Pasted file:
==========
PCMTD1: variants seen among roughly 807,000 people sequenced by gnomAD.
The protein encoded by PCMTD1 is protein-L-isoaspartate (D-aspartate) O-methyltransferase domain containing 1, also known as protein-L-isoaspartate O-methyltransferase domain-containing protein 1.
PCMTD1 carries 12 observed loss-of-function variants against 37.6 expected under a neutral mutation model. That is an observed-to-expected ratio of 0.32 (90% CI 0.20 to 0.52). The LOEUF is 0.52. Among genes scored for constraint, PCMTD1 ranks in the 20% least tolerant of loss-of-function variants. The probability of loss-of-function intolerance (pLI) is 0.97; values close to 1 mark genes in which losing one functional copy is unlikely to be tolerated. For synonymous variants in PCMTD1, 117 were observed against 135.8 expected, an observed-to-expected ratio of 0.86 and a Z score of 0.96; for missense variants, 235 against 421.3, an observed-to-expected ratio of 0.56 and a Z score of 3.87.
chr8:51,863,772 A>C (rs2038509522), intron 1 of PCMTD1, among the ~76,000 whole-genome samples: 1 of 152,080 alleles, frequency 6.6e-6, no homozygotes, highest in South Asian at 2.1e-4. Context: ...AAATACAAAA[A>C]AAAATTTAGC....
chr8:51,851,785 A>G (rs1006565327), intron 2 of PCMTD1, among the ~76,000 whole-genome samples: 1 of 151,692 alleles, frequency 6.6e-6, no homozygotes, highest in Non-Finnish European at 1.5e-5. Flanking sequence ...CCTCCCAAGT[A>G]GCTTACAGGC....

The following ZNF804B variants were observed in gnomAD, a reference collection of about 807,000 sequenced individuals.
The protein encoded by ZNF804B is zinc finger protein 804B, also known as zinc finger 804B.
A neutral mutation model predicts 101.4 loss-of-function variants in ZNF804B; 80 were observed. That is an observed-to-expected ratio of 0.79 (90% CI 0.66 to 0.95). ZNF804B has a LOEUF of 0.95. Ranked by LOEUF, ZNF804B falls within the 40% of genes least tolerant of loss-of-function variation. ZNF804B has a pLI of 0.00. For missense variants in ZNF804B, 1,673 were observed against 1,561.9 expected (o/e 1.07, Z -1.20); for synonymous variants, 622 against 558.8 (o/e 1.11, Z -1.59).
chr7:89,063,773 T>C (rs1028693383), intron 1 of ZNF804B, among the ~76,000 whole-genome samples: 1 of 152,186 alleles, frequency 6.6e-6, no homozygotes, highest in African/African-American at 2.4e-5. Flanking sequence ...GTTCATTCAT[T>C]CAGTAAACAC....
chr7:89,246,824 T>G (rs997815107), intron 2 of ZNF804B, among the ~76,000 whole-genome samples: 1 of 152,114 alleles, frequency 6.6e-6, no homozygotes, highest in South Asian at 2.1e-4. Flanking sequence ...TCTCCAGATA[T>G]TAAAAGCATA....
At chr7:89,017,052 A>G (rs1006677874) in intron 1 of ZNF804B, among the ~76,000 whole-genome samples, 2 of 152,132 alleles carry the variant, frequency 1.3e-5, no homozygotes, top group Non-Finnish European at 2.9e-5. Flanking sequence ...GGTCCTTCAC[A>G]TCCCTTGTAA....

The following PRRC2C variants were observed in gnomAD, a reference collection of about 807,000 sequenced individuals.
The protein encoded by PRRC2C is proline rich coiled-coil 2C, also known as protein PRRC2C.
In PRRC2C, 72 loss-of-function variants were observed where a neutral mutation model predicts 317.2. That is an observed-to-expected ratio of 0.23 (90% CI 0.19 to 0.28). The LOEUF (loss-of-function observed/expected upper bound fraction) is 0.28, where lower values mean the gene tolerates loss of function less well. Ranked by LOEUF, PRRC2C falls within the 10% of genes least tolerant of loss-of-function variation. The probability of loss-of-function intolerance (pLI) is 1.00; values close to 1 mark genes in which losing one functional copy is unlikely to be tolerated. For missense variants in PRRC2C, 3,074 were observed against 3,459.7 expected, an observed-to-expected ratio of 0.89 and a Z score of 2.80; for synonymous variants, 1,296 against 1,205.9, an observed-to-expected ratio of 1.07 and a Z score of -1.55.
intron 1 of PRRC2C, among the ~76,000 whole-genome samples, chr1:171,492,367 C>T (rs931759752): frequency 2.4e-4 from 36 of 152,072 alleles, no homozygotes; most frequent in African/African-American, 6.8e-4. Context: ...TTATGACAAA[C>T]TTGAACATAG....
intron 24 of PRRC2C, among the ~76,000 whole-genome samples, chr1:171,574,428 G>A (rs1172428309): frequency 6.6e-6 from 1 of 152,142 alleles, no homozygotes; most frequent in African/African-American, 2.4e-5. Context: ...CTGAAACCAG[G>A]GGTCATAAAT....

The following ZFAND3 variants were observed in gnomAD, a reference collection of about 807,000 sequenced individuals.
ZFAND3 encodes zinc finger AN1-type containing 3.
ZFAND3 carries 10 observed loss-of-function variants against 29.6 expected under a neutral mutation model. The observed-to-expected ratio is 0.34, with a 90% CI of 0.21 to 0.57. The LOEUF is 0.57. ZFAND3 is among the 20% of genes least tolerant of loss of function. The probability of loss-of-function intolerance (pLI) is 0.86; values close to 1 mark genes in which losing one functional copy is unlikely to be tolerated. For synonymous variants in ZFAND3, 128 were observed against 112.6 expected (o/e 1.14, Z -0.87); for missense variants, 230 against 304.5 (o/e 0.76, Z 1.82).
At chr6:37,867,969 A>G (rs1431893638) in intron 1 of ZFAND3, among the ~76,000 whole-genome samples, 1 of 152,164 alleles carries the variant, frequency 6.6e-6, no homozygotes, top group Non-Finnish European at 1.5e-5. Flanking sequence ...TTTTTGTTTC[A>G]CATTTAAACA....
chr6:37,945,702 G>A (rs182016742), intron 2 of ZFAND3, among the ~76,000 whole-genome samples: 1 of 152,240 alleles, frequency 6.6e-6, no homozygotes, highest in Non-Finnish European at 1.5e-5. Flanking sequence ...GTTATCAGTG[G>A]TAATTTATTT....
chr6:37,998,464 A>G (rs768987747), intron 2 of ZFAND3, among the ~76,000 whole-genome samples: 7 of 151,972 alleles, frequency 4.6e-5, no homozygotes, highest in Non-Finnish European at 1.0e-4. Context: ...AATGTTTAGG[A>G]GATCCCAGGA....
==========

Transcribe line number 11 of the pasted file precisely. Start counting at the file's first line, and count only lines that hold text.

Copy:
At chr7:89,017,052 A>G (rs1006677874) in intron 1 of ZNF804B, among the ~76,000 whole-genome samples, 2 of 152,132 alleles carry the variant, frequency 1.3e-5, no homozygotes, top group Non-Finnish European at 2.9e-5. Flanking sequence ...GGTCCTTCAC[A>G]TCCCTTGTAA....